Did you Know?
Every year around 15 people are killed in confined spaces. Tragically, these are often multiple fatalities when ill-equipped rescuers also lose their lives. If work in confined spaces cannot be avoided, it must be closely controlled to ensure safety.
What is a confined space?
A confined space can be any enclosed area where there could be a risk of death or serious injury or ill health from a hazardous substance or lack of oxygen. Many hazardous substances are heavier or lighter than air, so they may gather in low or high points of a space.
Some confined spaces are obvious, such as tanks (above ground and below), process vessels and sewers. Others are less easy to spot but may be equally dangerous, like open-topped chambers, vats, furnaces, ducts and even unventilated rooms. Sometimes work may create a confined space, such as during construction of a plant or building.
What makes confined spaces dangerous?
There may be a lack of oxygen, even in spaces which have been cleaned or have not held hazardous substances. This could be caused by reactions between some soils and the atmosphere, the formation of rust in steel tanks or by the reaction between a cargo and oxygen in the air in ships' holds, Lorries or any kind off holding tank or vessel.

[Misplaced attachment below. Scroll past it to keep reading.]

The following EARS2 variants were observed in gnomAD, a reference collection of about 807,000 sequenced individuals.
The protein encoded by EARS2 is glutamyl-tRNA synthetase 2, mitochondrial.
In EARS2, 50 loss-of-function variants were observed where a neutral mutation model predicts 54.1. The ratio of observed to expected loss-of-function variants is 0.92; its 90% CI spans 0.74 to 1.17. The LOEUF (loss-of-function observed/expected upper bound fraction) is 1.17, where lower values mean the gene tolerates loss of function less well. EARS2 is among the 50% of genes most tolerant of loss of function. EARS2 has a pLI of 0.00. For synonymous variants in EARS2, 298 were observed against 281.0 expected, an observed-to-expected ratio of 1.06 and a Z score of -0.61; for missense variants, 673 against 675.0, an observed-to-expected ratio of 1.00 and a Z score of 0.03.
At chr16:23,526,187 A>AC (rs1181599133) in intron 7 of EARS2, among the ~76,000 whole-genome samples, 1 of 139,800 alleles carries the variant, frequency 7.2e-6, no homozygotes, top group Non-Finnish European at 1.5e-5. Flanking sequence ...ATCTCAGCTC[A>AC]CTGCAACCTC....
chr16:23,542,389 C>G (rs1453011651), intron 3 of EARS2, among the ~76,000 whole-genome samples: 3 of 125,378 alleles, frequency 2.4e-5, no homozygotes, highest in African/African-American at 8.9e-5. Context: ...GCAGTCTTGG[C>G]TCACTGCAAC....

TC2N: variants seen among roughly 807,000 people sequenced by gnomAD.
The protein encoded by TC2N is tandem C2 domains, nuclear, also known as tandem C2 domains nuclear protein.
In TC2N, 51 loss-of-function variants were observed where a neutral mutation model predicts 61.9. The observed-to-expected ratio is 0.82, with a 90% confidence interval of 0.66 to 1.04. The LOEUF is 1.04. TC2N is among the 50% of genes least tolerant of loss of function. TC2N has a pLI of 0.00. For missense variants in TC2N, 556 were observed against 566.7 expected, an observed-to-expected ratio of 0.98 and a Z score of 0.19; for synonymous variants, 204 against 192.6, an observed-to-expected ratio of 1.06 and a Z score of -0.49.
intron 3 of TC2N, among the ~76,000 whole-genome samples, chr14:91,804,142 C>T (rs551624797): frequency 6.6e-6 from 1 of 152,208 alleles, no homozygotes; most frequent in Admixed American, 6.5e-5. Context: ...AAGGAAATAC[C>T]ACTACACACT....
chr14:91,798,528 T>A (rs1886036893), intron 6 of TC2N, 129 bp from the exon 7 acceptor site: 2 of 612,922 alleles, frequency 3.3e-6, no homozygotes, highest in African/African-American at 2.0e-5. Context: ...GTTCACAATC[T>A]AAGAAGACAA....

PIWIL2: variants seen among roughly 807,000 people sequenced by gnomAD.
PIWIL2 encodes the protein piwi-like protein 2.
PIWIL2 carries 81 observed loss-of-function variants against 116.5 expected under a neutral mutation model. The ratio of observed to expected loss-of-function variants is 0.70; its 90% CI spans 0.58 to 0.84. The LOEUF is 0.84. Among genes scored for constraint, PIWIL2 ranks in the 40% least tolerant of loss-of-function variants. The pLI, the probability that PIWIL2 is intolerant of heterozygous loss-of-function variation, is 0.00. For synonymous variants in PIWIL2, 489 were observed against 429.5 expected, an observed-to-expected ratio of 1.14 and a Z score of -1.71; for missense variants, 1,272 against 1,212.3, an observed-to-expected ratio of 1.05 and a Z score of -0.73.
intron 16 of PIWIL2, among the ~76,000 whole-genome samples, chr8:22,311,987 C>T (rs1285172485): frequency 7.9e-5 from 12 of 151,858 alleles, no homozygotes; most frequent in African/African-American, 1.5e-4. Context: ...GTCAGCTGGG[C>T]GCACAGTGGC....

Oxygen might be displaced by inert gases, such nitrogen from a purging system or argon from leaking welding equipment brought into the space. In other circumstances, even though there may be enough oxygen in the space, there may be risks from hazardous liquids, gasses or dusts left in the space, or which leak into it.
Depending on the substance, the risk may be from poisoning, asphyxiation, fire, explosion or drowning.
How can Industrial Abseiling Access help?
Industrial Abseiling is trained in confined space problems and has its own unique state of the art confined space access systems, which provide rope access (abseiling) engineers with an efficient working environment. State of the art uninterrupted communication is maintained through audio and visual media and all escape and rescue procedures are rehearsed again and again until Industrial Abseiling’s rope access (abseiling) safety managers are happy.